Mutations in the Newcastle disease virus hemagglutinin-neuraminidase protein that interfere with its ability to interact with the homologous F protein in the promotion of fusion

Virology. 1999 Jan 5;253(1):43-54. doi: 10.1006/viro.1998.9501.


Recent evidence suggests that the attachment (HN) and fusion (F) glycoproteins of Newcastle disease virus interact at the cell surface in a virus-specific manner to promote syncytium formation. Consistent with the existence of such an interaction, we have shown that it is possible to coimmunoprecipitate (co-IP) the two proteins from the surface of transiently expressing cells using a monoclonal antibody to either protein. Further, we show that a point mutation in the globular domain of HN that abolishes its receptor recognition and neuraminidase (NA) and fusion activities also abolishes its ability to interact with F in the co-IP assay. The mechanism by which this mutation might interfere with the interaction between the two proteins is discussed in terms of the postulate that recognition by HN of cellular receptors triggers its interaction with F and the apparently conflicting evidence for an interaction between the two proteins in the endoplasmic reticulum. Also, characterization of a set of chimeric HN proteins, having short overlapping sequences from a heterologous HN protein in the F-specific domain in the protein stalk, reveals that a weakened interaction between HN and F is still sufficient to trigger fusion.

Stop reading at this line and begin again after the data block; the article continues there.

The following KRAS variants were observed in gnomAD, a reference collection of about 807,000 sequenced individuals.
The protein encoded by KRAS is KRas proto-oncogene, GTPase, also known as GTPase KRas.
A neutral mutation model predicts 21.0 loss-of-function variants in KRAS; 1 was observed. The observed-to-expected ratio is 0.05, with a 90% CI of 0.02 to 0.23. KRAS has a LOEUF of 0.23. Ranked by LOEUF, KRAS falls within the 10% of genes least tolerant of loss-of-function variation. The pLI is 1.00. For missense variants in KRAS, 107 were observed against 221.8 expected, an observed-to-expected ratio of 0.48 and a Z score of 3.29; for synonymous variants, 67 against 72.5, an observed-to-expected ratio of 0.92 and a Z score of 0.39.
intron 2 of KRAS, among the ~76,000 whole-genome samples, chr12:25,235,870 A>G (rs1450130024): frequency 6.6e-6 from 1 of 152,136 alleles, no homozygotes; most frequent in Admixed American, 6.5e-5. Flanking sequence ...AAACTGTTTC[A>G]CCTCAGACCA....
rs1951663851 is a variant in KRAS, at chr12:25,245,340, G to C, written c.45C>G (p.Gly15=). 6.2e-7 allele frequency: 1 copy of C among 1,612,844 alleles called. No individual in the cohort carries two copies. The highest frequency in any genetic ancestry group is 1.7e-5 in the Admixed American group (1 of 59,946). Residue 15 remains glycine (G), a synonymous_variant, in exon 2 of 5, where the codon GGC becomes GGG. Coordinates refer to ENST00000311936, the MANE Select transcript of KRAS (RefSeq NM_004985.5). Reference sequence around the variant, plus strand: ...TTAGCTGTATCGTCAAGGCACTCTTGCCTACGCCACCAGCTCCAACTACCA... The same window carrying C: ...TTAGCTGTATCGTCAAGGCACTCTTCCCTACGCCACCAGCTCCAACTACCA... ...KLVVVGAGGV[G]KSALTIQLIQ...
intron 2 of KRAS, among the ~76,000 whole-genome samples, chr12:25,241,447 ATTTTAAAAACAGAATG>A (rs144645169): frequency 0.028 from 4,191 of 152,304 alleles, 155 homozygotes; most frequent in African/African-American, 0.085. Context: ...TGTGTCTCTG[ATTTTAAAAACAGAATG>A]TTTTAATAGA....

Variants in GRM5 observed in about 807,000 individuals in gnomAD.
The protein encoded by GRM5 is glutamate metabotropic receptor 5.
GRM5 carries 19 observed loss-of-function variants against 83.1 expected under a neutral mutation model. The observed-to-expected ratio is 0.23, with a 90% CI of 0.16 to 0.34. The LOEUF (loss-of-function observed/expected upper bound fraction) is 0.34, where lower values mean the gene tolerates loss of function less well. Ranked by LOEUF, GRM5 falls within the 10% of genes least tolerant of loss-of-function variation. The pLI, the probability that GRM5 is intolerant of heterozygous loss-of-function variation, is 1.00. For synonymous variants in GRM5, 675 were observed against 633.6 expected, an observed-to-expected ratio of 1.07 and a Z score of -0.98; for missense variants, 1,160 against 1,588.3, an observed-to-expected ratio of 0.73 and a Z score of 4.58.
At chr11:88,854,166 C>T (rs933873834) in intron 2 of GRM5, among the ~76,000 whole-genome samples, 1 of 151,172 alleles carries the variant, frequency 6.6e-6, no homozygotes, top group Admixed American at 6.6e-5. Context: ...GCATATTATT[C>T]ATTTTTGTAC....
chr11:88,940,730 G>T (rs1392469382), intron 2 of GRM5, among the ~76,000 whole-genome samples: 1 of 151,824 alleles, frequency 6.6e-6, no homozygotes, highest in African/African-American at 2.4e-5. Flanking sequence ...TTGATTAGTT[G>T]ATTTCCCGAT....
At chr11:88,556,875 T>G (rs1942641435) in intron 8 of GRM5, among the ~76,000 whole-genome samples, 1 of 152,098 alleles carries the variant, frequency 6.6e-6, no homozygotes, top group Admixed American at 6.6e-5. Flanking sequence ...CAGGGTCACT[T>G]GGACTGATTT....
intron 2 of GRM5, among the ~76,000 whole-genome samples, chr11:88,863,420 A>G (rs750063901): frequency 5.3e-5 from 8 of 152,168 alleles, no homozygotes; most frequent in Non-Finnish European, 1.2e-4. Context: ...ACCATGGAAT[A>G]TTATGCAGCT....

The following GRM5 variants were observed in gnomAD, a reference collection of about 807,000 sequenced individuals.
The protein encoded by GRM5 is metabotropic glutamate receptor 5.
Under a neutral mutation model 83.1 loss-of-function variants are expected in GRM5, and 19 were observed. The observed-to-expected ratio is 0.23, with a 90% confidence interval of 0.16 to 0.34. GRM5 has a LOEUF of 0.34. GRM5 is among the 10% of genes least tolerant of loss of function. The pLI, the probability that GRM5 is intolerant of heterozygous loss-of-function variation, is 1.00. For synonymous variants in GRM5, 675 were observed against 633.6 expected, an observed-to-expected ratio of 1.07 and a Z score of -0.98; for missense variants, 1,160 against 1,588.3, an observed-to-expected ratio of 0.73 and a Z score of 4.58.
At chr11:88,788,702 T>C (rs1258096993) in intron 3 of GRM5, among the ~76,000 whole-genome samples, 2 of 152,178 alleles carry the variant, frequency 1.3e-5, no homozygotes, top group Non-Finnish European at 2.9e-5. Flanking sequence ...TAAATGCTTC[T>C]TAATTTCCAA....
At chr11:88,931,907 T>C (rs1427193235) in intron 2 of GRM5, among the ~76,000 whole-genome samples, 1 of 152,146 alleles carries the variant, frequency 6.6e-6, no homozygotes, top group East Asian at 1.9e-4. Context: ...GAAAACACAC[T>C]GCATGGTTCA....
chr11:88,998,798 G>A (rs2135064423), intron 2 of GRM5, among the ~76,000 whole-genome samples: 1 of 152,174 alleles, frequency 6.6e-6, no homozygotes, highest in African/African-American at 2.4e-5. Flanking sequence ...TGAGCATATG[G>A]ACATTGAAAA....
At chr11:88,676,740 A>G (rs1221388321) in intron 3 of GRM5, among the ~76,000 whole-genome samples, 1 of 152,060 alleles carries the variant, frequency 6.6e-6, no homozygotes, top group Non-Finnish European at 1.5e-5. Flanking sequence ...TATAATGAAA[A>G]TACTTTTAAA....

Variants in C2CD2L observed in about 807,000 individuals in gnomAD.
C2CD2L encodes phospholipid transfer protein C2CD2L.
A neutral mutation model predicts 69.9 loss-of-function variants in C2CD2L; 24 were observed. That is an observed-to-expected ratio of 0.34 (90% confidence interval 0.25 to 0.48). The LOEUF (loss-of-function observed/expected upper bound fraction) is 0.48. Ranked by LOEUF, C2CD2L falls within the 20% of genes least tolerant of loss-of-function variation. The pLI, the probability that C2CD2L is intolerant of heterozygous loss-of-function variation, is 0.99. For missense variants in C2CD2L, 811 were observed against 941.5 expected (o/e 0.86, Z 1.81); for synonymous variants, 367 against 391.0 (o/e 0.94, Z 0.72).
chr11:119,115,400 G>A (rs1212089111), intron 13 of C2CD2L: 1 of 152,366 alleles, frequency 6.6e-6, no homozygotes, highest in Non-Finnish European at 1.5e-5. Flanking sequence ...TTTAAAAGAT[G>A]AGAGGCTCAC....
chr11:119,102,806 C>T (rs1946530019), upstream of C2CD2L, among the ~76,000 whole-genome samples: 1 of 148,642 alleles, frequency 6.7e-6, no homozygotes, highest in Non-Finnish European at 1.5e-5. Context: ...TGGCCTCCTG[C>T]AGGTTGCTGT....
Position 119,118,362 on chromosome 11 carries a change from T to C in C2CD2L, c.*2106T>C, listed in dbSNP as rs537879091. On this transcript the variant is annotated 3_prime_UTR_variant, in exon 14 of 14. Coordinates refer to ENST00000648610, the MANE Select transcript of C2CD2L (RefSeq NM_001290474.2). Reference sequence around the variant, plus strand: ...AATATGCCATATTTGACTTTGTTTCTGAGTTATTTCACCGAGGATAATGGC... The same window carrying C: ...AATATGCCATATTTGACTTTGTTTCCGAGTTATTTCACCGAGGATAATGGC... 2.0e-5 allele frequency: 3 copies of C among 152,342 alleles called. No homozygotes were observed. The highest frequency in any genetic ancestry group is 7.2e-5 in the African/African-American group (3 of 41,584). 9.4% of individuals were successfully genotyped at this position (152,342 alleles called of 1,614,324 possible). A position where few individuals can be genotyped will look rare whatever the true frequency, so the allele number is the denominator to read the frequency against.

Publication types

  • Research Support, U.S. Gov't, P.H.S.

MeSH terms

  • Amino Acid Sequence
  • Animals
  • Antibodies, Monoclonal / immunology
  • Blotting, Western
  • Cell Line
  • Cricetinae
  • Genes, Reporter
  • HN Protein / genetics*
  • HN Protein / immunology
  • Molecular Sequence Data
  • Mutagenesis, Site-Directed
  • Newcastle disease virus*
  • Recombinant Fusion Proteins / chemistry
  • Recombinant Fusion Proteins / genetics
  • Viral Fusion Proteins / genetics*
  • Viral Fusion Proteins / immunology


  • Antibodies, Monoclonal
  • HN Protein
  • Recombinant Fusion Proteins
  • Viral Fusion Proteins